The decoder 38B similarly decodes bits 14:13 into a four bit one-hot vector X0-X3, which is coupled to the mux 40B in a similar fashion to that described above for the decoder 38A and the mux 40A. The mux control for the mux 40B is C 12. The outputs of the muxes 40A-40B are coupled to the final decode circuit 42. The final decode circuit 42 may logically AND each bit of the Yo vector with each bit of the Xo vector to produce the 32 word lines W to the TLB memory array 36. For example, Yo bit 0 (Yo0) may be ANDed with each Xo bit to produce word lines W0 to W3; Yo bit 1 (Yo1) may be ANDed with each Xo bit to produce word lines W4 to W7; etc. Each word line may select a separate entry in the TLB memory array 36.
The muxes 40A-40B may be examples of selection circuits. Generally, a selection circuit may comprise any circuitry that is coupled to receive two or more inputs (where each input may be one or more bits) and is configured to select one of the inputs as an output responsive to a selection control.
It is noted that, while the decode block 34 of
Turning now to
Turning next to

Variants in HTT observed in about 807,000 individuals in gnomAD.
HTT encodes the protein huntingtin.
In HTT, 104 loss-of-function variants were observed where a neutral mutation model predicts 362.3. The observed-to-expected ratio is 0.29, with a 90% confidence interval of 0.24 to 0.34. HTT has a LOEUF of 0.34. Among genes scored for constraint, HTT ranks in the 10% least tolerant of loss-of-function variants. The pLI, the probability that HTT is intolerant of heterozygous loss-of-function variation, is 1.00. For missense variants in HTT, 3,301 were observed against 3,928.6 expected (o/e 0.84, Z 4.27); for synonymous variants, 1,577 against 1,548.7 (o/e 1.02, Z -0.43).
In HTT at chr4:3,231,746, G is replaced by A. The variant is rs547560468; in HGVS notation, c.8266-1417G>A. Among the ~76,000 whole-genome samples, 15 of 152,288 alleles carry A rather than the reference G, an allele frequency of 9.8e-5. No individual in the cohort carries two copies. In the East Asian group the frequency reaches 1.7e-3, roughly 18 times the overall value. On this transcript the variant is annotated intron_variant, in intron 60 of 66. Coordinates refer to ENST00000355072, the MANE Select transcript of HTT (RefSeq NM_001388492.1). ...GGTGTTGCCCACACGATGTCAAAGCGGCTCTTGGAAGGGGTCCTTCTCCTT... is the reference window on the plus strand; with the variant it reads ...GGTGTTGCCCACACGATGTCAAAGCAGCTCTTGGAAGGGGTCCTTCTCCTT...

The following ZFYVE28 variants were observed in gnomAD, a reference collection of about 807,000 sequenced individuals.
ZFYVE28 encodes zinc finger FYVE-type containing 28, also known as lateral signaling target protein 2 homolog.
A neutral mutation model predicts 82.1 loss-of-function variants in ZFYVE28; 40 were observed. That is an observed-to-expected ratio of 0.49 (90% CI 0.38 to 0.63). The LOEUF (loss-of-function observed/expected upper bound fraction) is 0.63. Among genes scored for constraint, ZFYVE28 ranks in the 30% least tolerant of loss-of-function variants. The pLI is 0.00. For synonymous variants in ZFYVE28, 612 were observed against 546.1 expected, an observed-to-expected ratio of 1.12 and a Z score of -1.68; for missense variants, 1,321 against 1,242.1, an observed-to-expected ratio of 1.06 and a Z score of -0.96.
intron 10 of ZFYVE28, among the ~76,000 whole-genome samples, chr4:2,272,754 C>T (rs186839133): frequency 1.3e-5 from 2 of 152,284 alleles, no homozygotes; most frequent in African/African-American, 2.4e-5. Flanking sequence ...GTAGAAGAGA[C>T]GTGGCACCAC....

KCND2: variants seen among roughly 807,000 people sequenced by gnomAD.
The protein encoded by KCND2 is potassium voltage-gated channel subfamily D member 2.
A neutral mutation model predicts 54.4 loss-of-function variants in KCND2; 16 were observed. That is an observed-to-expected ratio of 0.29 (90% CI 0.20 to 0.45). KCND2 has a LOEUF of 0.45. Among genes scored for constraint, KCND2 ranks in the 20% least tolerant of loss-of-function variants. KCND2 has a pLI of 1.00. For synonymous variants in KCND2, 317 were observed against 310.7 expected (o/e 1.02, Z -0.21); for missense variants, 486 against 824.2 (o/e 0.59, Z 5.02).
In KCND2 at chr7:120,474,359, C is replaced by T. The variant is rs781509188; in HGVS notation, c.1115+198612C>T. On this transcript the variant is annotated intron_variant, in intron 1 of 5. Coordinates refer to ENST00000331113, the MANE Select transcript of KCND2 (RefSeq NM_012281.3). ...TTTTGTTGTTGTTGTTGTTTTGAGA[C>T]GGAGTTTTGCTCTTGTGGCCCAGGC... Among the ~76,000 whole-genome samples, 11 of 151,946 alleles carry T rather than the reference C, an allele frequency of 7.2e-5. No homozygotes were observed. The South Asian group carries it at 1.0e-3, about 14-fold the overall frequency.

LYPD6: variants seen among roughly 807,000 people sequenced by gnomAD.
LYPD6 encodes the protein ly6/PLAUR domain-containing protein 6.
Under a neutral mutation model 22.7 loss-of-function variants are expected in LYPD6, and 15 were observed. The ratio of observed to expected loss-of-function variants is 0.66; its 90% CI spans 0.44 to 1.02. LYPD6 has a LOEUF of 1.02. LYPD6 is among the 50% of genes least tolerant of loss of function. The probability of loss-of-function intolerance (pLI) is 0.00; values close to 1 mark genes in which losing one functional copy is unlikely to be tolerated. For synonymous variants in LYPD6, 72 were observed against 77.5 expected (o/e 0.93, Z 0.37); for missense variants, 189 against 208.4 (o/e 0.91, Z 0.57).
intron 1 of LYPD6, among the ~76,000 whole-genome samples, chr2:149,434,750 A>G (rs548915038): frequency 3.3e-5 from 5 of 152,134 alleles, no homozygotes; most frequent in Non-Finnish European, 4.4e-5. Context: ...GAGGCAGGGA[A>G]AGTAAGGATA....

In the illustrated embodiment, the mux 40A is implemented as a set of passgates coupled to receive the various decoded signals and to output one of the output signals. For example, the passgate 50A is coupled to receive the Y0 and Y7 signals, and to output the Yo0 signal. If the C14 signal is asserted, the passgate 50A may pass the signal Y7 on to Yo0. If the C14 signal is deasserted (and thus the inverse of C14, C14 with a bar over it in
The mux 40B in the embodiment of
The mux 40B may be a clocked mux in this embodiment to aid in the timing of the assertion of the word lines. Other embodiments may implement the timing control elsewhere, and the mux 40B may have any other embodiment (e.g. passgates, similar to the mux 40A, or any other selection circuit embodiment).
The AND gates 54A-54F as illustrated in